As part of a regional low sulfur strategy developed by northeast and mid-Atlantic states, Vermont will limit the sulfur content in No. 2 fuel oil sold in the state to 0.05 by weight, beginning on July 1, 2014. Reducing sulfur in fuel oils will have significant health, environmental, and economic benefits, and each state in the region has committed to adopt and implement the new limits to comply with the Clean Air Act and reduce regional haze. In the eastern United States, the dominant contributor to haze is sulfate formed from sulfur dioxide (SO2) emissions.
”In addition to reducing visibility, haze causes serious cardiovascular and respiratory health problems. Sulfur dioxide emissions also can lead to the acidification of lakes and streams, contribute to the damage of trees and sensitive forest soils, and accelerate the decay of building materials and paints,” said Elaine O’Grady, Director of the Air Quality & Climate Division of Vermont’s Department of Environmental Conservation.
“Because the fuel will be cleaner, consumers will save money from lower maintenance costs and an increase in efficiency,” added David Mears, Commissioner of Vermont’s Department of Environmental Conservation.
By July 1, 2018 the sulfur content in No. 2 fuel oil will be limited to 0.0015 by weight, No. 4 fuel oil will be limited to 0.25 by weight, and No. 5 and No. 6 residual oils limited to 0.5 by weight. No. 2 fuel oil is a light distillate heating oil used in homes and businesses, while No. 4 oil is a commercial heating oil used in burner installations not equipped with preheaters. Heavier residual oils like No. 5 and No. 6 are most commonly used in industrial operations.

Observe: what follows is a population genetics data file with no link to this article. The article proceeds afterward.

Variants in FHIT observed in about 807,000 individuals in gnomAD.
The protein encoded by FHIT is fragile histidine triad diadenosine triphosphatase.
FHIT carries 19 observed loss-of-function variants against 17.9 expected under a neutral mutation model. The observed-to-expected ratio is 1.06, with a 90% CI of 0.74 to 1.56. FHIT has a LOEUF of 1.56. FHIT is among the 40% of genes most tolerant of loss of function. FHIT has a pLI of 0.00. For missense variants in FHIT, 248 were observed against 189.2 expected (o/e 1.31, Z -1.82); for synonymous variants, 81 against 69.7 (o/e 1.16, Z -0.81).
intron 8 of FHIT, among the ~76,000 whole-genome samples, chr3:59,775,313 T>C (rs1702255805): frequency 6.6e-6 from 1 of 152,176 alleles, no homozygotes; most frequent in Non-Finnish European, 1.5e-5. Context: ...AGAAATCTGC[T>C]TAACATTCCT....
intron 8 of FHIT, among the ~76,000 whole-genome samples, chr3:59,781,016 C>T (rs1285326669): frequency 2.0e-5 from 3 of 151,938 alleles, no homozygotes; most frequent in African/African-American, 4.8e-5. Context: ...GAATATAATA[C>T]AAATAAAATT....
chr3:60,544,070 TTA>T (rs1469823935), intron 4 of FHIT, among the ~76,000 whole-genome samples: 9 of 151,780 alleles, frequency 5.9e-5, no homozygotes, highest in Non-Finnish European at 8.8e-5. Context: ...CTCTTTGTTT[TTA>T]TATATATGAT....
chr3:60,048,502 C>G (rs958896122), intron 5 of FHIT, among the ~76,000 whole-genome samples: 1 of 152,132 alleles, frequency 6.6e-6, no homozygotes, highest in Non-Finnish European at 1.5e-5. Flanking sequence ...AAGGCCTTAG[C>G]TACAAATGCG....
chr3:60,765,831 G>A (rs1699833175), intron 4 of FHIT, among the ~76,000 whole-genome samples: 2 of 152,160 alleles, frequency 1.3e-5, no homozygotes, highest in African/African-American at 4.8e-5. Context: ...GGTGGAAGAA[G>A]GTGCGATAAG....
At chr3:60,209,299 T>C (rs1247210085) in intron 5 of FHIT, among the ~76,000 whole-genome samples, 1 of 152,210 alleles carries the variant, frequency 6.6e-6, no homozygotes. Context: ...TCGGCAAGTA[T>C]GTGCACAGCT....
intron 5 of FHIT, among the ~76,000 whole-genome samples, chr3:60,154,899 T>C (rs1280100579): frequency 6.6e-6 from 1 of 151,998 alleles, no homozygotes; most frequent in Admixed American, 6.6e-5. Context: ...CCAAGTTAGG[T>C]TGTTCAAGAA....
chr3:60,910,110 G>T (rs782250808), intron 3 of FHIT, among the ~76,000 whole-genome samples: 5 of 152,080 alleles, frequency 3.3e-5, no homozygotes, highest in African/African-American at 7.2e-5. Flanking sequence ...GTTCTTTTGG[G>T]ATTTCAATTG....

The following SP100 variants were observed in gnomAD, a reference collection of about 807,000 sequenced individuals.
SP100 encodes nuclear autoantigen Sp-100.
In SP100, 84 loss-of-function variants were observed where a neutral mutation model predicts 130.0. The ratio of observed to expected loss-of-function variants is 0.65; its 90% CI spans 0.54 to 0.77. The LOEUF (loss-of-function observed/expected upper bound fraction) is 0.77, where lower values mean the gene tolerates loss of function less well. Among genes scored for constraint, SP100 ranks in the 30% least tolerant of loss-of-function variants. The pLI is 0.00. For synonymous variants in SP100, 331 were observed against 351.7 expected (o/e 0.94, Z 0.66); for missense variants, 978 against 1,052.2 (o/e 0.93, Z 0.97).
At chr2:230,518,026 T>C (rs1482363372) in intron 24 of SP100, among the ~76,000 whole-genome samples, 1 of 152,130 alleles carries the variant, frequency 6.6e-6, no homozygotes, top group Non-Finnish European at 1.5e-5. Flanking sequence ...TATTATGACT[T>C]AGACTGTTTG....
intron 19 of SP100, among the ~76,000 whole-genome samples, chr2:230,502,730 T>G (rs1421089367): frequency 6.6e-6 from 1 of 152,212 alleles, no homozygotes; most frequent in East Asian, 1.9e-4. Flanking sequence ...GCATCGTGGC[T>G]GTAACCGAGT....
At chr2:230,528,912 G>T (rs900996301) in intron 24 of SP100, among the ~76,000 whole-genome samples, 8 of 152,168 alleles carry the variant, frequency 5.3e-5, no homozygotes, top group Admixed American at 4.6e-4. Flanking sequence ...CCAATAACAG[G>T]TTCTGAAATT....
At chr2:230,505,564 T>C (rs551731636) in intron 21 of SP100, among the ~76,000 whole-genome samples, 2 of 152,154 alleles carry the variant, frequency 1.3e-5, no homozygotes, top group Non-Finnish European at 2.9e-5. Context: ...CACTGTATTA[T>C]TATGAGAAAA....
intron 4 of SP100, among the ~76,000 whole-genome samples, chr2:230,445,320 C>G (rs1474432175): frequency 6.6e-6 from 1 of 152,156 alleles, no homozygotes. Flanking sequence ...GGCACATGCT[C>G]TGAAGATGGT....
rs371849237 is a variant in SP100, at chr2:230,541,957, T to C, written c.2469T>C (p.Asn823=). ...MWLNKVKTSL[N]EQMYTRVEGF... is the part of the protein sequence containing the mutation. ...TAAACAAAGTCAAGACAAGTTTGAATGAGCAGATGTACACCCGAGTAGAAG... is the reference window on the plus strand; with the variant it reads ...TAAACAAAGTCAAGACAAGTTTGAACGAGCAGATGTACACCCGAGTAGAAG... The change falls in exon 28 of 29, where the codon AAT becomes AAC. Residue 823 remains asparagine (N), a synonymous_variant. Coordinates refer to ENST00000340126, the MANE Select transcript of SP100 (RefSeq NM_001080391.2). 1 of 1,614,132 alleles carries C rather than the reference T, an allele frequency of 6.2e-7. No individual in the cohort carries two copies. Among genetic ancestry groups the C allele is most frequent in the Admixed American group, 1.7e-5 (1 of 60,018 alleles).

The rule applies to fuel that is used, purchased, or sold for use in stationary combustion installations within Vermont for heat or power generation. Fuels that met the applicable limit at the time the fuel was stored in Vermont may continue to be stored, used, delivered, or exchanged in trade after July 1, 2014.
The new sulfur limitations will improve visibility, provide substantial health benefits, and lower costs for fuel consumers through lower maintenance and efficiency improvements. Full text of the rule can be found in section 5-221 of the Vermont Air Pollution Regulations, or by clicking here.
For more information, please see the Vermont Air Quality and Climate Division’s sulfur content fact sheet or contact Brian Monroe at (802) 338-2047 or email@example.com.
Media Contact: Elaine O’Grady, 802-343-7221